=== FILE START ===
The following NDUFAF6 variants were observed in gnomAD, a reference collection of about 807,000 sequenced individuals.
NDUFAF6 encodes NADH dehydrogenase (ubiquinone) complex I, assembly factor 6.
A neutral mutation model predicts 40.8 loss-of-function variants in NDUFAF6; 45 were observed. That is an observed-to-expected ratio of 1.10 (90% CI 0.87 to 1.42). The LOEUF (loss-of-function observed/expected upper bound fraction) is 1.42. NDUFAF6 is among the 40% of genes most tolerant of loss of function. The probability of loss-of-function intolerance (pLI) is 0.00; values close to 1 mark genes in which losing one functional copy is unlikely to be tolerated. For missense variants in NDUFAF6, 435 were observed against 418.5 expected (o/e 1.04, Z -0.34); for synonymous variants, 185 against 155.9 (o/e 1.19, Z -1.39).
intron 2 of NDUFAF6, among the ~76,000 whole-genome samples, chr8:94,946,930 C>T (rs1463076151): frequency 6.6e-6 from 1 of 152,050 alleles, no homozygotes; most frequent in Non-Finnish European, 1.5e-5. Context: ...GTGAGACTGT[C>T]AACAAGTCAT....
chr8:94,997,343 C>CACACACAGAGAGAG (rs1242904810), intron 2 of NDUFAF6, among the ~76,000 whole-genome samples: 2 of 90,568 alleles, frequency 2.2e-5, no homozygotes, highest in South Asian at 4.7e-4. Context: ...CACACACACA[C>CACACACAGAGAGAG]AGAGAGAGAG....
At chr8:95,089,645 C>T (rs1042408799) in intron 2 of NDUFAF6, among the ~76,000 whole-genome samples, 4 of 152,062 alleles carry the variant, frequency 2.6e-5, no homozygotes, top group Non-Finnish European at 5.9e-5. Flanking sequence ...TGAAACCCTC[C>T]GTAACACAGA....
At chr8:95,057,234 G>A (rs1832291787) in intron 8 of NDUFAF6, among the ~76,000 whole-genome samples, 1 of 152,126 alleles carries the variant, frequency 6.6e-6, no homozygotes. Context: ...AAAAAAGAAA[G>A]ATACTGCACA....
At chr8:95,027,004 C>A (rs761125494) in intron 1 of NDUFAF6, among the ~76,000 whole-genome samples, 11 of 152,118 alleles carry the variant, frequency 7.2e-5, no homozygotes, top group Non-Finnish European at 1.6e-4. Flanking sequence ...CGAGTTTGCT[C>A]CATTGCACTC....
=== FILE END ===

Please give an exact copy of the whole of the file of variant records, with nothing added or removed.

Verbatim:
The following NDUFAF6 variants were observed in gnomAD, a reference collection of about 807,000 sequenced individuals.
NDUFAF6 encodes NADH dehydrogenase (ubiquinone) complex I, assembly factor 6.
A neutral mutation model predicts 40.8 loss-of-function variants in NDUFAF6; 45 were observed. That is an observed-to-expected ratio of 1.10 (90% CI 0.87 to 1.42). The LOEUF (loss-of-function observed/expected upper bound fraction) is 1.42. NDUFAF6 is among the 40% of genes most tolerant of loss of function. The probability of loss-of-function intolerance (pLI) is 0.00; values close to 1 mark genes in which losing one functional copy is unlikely to be tolerated. For missense variants in NDUFAF6, 435 were observed against 418.5 expected (o/e 1.04, Z -0.34); for synonymous variants, 185 against 155.9 (o/e 1.19, Z -1.39).
intron 2 of NDUFAF6, among the ~76,000 whole-genome samples, chr8:94,946,930 C>T (rs1463076151): frequency 6.6e-6 from 1 of 152,050 alleles, no homozygotes; most frequent in Non-Finnish European, 1.5e-5. Context: ...GTGAGACTGT[C>T]AACAAGTCAT....
chr8:94,997,343 C>CACACACAGAGAGAG (rs1242904810), intron 2 of NDUFAF6, among the ~76,000 whole-genome samples: 2 of 90,568 alleles, frequency 2.2e-5, no homozygotes, highest in South Asian at 4.7e-4. Context: ...CACACACACA[C>CACACACAGAGAGAG]AGAGAGAGAG....
At chr8:95,089,645 C>T (rs1042408799) in intron 2 of NDUFAF6, among the ~76,000 whole-genome samples, 4 of 152,062 alleles carry the variant, frequency 2.6e-5, no homozygotes, top group Non-Finnish European at 5.9e-5. Flanking sequence ...TGAAACCCTC[C>T]GTAACACAGA....
At chr8:95,057,234 G>A (rs1832291787) in intron 8 of NDUFAF6, among the ~76,000 whole-genome samples, 1 of 152,126 alleles carries the variant, frequency 6.6e-6, no homozygotes. Context: ...AAAAAAGAAA[G>A]ATACTGCACA....
At chr8:95,027,004 C>A (rs761125494) in intron 1 of NDUFAF6, among the ~76,000 whole-genome samples, 11 of 152,118 alleles carry the variant, frequency 7.2e-5, no homozygotes, top group Non-Finnish European at 1.6e-4. Flanking sequence ...CGAGTTTGCT[C>A]CATTGCACTC....